hem-, haem-, hemo-, haemo, hema-, haema-, hemato-, haemato-, hemat-, haemat-, -hemia, -haemia, -hemic, -haemic
2. One of the forewings of a true bug, having a hard, thick basal portion and a thinner, membranous apex.
3. One of the partially thickened anterior wings of certain insects, as of many Hemiptera, the earwigs, etc.
2. A pathology in which iron accumulates in the tissues; characterized by bronzed skin and enlarged liver and diabetes mellitus and abnormalities of the pancreas and the joints; also known as, iron-storage disease, iron overload, bronzed diabetes.
Hemochromatosis, the most common form of iron overload disease, is an inherited disorder that causes the body to absorb and store too much iron. The extra iron builds up in organs and damages them. Without treatment, the disease can cause these organs to fail.
Iron is an essential nutrient found in many foods. The greatest amount is found in red meat and iron-fortified bread and cereal. In the body, iron becomes part of hemoglobin, a molecule in the blood that transports oxygen from the lungs to all body tissues.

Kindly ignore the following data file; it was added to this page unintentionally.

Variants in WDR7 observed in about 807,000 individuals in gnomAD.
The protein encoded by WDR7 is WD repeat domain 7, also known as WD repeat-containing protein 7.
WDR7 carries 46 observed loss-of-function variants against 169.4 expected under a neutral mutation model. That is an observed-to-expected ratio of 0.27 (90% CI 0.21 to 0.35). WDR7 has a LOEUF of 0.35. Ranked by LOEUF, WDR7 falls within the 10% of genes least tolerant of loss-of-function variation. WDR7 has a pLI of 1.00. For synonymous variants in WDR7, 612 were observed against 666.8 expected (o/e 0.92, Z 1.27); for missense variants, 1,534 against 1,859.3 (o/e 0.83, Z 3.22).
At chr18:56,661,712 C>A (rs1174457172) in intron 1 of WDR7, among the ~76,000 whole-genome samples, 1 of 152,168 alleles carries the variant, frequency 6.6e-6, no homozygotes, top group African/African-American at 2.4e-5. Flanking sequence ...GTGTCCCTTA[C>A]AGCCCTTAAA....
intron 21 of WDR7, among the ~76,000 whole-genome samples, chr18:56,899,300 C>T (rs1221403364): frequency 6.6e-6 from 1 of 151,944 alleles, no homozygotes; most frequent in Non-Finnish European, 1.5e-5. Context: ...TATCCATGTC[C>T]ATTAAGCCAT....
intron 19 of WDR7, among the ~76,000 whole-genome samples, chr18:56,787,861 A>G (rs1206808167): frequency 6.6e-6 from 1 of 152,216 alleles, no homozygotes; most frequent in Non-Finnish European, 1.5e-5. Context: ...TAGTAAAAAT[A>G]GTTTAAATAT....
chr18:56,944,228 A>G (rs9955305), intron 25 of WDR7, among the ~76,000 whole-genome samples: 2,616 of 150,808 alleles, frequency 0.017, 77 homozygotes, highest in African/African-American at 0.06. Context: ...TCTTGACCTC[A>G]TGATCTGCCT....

Healthy people usually absorb about ten percent of the iron contained in the food they eat to meet the body needs. People with hemochromatosis absorb more than the body needs. The body has no natural way to rid itself of the excess iron, so it is stored in body tissues, especially the liver, heart, and pancreas.
2. A series of interconnected spaces between tissues and organs through which blood flows freely, unconfined by veins or arteries, occurring in several invertebrate groups; especially, mollusks and arthropods.
2. Blood cell, associated with a haemocoel, particularly those of insects and crustacea.
Despite the name, they are more like a leucocyte, being phagocytic and involved in defence and clotting of haemolymph and not involved in the transport of oxygen.
2. A device used in manual blood counts, consisting of a microscopic slide with a depression whose base is marked in grids, and into which a measured volume of a sample of blood or bacterial culture is placed and covered with a cover glass.
The number of cells and formed blood elements in the squares is counted under a microscope and used as a representative sample for calculating the unit volume; also called, counting cell, counting chamber, and hemocytometer.
2. Disintegration of the blood corpuscles by means of pressure.